I'm working on a project where we have the source control set up to automatically write notes in the bug tracker. We simply write the bug issue ID in the commit message and the commit message is added as a note to the bug tracker.
I can see only a few downsides for this practice. If sometime in the future the source code gets separated from the bug tracking software (or the reported bugs/issues are somehow lost). Or when someone is looking in the history of commits but doesn't have access to our bug tracker.
My question is if having a bug/issue reference in the commit message is considered good practice? Are there some other downsides?
We have adopted this practice and it works very well for us. The tight integration between version control system (VCS) and other systems we use, e.g. continuous integration, bug tracker, etc. is extremely valuable. If we ever change anything in the future we certainly will have to assess the side effects, including the links between the VCS and bug tracking system.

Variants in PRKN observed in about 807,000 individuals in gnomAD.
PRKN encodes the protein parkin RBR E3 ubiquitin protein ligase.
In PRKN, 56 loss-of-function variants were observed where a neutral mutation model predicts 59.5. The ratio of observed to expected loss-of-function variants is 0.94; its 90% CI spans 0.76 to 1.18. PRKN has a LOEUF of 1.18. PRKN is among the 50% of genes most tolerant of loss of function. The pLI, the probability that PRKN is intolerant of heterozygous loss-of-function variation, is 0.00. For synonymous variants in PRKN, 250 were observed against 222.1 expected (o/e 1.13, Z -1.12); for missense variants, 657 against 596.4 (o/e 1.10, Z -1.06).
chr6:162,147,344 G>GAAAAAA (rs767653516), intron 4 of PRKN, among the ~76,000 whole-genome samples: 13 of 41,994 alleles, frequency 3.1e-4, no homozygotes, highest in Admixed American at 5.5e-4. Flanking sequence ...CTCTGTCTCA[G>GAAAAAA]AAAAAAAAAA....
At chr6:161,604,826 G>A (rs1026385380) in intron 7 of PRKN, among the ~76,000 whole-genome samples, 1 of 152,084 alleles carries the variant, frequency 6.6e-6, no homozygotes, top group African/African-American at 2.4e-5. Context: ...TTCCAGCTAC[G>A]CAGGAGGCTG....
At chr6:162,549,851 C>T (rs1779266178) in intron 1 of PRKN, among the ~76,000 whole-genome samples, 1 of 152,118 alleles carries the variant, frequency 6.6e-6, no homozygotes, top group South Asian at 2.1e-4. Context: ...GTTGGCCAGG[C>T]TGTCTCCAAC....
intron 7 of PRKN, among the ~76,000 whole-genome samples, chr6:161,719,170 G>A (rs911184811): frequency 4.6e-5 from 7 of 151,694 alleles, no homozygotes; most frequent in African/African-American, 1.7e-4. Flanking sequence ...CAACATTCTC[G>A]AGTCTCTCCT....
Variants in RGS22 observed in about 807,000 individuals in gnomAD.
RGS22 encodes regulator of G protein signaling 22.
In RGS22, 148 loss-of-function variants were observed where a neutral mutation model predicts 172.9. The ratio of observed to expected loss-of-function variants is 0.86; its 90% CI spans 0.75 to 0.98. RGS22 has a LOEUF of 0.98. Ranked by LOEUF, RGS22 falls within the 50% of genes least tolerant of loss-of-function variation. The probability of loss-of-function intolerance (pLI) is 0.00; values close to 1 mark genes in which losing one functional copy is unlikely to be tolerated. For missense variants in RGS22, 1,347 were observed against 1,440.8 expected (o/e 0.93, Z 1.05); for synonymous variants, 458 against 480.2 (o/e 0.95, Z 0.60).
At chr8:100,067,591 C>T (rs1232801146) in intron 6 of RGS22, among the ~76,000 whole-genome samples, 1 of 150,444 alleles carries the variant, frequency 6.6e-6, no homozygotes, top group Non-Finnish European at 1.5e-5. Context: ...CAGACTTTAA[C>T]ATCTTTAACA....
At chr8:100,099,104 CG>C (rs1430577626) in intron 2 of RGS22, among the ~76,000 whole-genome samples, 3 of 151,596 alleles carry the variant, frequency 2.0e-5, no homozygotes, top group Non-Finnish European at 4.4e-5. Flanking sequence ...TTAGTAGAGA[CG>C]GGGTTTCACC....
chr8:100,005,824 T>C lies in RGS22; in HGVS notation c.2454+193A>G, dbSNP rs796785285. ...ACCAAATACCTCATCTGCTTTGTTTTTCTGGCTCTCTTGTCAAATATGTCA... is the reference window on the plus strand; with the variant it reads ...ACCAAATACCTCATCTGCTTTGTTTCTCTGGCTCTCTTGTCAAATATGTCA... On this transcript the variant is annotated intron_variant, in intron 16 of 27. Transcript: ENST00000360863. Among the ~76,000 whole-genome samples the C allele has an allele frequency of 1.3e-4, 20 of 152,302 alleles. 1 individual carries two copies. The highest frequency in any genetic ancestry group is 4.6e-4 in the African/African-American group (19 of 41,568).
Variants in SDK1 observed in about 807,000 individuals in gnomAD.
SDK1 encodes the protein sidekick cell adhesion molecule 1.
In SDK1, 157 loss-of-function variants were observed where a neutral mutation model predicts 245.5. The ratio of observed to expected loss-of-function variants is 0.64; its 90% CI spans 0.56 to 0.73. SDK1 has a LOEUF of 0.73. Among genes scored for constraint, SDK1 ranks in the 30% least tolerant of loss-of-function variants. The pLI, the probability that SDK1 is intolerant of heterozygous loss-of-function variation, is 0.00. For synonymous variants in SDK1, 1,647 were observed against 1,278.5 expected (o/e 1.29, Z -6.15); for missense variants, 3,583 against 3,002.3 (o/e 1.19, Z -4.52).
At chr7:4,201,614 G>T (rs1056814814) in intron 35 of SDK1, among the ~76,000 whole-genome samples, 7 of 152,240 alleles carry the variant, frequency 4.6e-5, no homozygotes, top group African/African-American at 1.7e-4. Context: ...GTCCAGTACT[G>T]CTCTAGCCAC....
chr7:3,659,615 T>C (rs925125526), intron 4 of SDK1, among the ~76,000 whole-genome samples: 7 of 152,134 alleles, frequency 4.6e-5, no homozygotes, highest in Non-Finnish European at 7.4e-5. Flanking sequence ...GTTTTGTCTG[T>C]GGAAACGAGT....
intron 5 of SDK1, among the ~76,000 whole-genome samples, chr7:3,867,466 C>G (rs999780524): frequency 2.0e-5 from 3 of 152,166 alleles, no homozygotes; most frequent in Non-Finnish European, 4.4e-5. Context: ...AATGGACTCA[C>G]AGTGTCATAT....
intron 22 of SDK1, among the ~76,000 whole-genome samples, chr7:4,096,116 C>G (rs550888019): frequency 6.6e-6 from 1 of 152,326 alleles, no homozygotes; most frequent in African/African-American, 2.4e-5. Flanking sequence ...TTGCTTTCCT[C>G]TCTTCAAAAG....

In general I would see this as good practice. For some tracking systems there are additional options and tools available, for example bugtraq properties for Subversion (SVN). This suggests that quite a few people see value in this practice.
If you want to make really, really sure that no information is lost even if you may use a different bug tracker in the future or your bug tracker data somehow disappears, why not just put both the issue ID and a short explanation about the bug into the commit message?
Fix bug #123: app crashed after login
Then you still have the link from the history of commits to the bug tracker - and if the bug tracker should ever be not available, you can still see in the history what this particular bug was about.
This is very common practice, and I have found it extremely convenient. I use TRAC, so I can read the code history and navigate to the task that drove the change, or read the task history and navigate to the code changes.
"If sometime in the future..." If you separate the code from the bug tracker, then the old revision history probably won't be of further interest.
I use this practice too and I consider it a very good one. But besides the issue ID, I add a short description of the bug / feature (usually the title from the bug tracking system). This often helps save time because I don't have to lookup in the bug tracking system (beacuse I recognise the change) AND, like you said, if somehow I lose the bug tracking system, I'm not completly lost.